Blockchain and Trust

Blockchain and Trust

Blockchain and Trust: An Inescapable Truth

The elusive creator of blockchain technology, Satoshi Nakamoto, opens his[1] landmark whitepaper about Bitcoin with these words:

“Commerce on the Internet has come to rely almost exclusively on financial institutions serving as trusted third parties to process electronic payments. While the system works well enough for most transactions, it still suffers from the inherent weaknesses of the trust-based model.” (Nakamoto 2008)

The impetus of his revolutionary new technology was his fundamental distrust in the “system.” He finds fault with the prevailing model, desiring to free man from the risks inherent to trust by replacing the “trust-based” system with a new, trustless, one. The whitepaper concludes with the ambitious claim that he has achieved his objective…

But is it really possible to eradicate trust from the system?

This is Us.

This is Us.

From Dunder Mifflin to Confucius to ClearTrust.

…our own Mission, Vision and Values has had a tall order to fill. They must be true to us, endure the seasons, and set the direction of our work. They must be custom-fit to us, such that they cannot be collectively worn by another company but can only be worn by us. And they must be brief, cutting straight to the point with no extra weight or empty words.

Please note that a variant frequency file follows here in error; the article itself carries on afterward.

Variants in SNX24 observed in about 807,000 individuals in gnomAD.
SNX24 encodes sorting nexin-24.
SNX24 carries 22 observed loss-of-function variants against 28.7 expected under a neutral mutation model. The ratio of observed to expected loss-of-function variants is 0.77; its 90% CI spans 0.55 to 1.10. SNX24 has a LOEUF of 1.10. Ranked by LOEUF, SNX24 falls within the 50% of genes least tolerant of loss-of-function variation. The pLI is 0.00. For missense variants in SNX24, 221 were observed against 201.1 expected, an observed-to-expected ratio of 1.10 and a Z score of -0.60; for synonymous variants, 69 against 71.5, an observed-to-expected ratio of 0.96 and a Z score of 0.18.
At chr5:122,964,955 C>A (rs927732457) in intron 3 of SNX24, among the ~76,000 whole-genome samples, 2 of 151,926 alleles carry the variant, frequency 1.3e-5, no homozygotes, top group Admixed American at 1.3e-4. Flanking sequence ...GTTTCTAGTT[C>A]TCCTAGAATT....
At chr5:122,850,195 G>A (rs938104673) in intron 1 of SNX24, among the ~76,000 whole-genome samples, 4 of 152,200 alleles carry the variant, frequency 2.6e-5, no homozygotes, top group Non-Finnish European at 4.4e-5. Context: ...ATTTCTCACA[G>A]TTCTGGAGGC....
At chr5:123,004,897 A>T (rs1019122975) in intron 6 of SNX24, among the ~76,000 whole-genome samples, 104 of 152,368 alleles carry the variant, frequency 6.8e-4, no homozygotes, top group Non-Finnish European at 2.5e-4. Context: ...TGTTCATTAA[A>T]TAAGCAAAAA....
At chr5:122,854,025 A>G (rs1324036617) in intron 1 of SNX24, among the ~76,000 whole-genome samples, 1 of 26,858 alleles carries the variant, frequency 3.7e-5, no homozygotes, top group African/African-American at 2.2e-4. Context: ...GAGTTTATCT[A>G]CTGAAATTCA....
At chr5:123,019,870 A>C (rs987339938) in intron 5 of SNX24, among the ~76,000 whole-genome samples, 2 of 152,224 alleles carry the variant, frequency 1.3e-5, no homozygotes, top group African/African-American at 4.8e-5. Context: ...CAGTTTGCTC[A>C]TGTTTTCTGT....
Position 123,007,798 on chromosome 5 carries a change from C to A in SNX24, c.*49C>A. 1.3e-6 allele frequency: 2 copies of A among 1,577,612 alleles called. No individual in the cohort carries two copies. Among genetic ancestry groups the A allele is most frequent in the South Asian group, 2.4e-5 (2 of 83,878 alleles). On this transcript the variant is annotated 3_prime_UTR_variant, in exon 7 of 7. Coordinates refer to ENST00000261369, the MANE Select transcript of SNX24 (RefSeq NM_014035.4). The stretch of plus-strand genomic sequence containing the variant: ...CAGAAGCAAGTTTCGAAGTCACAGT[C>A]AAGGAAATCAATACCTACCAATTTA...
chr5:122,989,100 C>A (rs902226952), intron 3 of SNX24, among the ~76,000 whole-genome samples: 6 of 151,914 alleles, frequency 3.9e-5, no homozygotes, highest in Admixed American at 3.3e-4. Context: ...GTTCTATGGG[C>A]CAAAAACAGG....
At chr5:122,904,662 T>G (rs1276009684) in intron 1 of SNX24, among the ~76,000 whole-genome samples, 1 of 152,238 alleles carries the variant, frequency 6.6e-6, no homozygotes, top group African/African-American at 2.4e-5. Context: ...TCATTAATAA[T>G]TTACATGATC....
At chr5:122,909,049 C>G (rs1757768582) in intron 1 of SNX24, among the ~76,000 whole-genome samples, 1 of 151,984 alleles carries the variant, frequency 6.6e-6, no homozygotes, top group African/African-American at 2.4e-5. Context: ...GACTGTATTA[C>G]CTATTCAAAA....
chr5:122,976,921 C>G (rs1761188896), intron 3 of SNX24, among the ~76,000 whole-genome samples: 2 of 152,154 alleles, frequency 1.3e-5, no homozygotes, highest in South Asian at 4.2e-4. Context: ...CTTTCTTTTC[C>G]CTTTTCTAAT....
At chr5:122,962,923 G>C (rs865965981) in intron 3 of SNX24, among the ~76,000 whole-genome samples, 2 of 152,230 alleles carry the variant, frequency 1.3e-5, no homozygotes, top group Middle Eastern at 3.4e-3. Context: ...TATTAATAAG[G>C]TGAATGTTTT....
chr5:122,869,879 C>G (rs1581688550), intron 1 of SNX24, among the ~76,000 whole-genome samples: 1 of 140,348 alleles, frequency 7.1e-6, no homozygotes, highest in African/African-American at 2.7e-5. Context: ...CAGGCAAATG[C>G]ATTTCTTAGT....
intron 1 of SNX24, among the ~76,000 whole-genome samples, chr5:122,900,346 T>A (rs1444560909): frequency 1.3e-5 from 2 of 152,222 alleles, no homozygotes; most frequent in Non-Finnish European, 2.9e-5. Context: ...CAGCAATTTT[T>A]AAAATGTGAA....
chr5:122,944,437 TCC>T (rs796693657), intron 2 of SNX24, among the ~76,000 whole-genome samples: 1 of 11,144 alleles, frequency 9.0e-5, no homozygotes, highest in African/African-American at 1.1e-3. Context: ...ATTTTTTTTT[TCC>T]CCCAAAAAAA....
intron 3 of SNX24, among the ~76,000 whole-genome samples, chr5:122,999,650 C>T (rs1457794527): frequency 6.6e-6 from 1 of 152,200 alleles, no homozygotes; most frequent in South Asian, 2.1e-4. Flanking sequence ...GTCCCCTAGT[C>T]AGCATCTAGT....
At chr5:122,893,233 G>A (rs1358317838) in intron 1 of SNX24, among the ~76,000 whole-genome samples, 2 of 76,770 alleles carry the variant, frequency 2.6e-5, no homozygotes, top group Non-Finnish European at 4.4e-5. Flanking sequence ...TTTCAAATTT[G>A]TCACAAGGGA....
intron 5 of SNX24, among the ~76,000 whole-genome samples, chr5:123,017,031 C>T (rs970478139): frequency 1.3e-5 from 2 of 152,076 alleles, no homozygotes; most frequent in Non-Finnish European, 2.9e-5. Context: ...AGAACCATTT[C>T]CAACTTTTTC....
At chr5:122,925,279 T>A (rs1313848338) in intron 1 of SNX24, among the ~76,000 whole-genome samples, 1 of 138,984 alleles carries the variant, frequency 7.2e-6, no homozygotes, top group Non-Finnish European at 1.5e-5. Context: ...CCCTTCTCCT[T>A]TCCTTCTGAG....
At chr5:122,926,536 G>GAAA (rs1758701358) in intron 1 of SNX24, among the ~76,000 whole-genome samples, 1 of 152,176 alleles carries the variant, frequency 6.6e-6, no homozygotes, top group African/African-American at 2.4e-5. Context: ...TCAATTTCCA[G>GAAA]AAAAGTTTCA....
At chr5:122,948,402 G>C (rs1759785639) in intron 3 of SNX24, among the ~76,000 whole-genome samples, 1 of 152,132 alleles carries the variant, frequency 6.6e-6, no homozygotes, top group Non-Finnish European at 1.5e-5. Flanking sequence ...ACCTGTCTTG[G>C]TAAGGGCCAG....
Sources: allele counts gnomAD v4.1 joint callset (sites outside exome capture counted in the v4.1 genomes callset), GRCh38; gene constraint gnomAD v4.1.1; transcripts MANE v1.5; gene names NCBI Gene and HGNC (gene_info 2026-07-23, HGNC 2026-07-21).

Then one day it nonchalantly came into focus, appearing in my mind as something that had been there all along but never given sufficient attention…

Capitalism Underground in Cuba

Capitalism Underground in Cuba

Cleartrust founder, Kara, reflects on glimpses of capitalism caught during a recent trip to communist Cuba.

Forty-five short minutes and our plane touches down in a world ostensibly trapped in time: La Havana. But this isn't the final destination for the team I am leading on a humanitarian trip. A six-hour layover stretches before us as we wait for our next flight. The airport of this nation's capital has a humble café serving beverages in a hot, humid waiting room…

These black market enterprises are everywhere, hidden in plain sight and just beyond the detection of the informants stationed on every block of every town by the Department of the Defense of the Revolution. For the consumers, these small entrepreneurial ventures keep families fed when shelves are empty and children clothed when prices are too high, offering an affordable alternative to state-run stores. For the merchant, these ventures offer a lifeline of hope that one day enough money can be saved to afford better nutrition, a car or even a home.

Irrevocable Transfer Agent Instruction Letters: Critical Questions

Irrevocable Transfer Agent Instruction Letters: Critical Questions

Critical questions issuers should ask before agreeing to a convertible promissory note and irrevocable transfer agent letter.

Short on funding options from more traditional sources, many microcaps resort to convertible notes. In such transactions, the noteholder offers desperately needed capital in exchange for a Convertible Promissory Note. Accepting the funds, the issuer satisfies its immediate cash flow demands and survives to fight another day. But then it comes time to pay the piper.

Typically, once the note has “aged” in accordance with Rule 144, the debt can be converted into common stock at a steep discount and immediately sold in the marketplace (assuming all requirements of a Rule 144 resale has been met). The aggressive sale generally causes the stock price of the thinly traded microcap to drop, and each subsequent conversion request is computed at a lower stock price resulting in the issuance of more and more shares.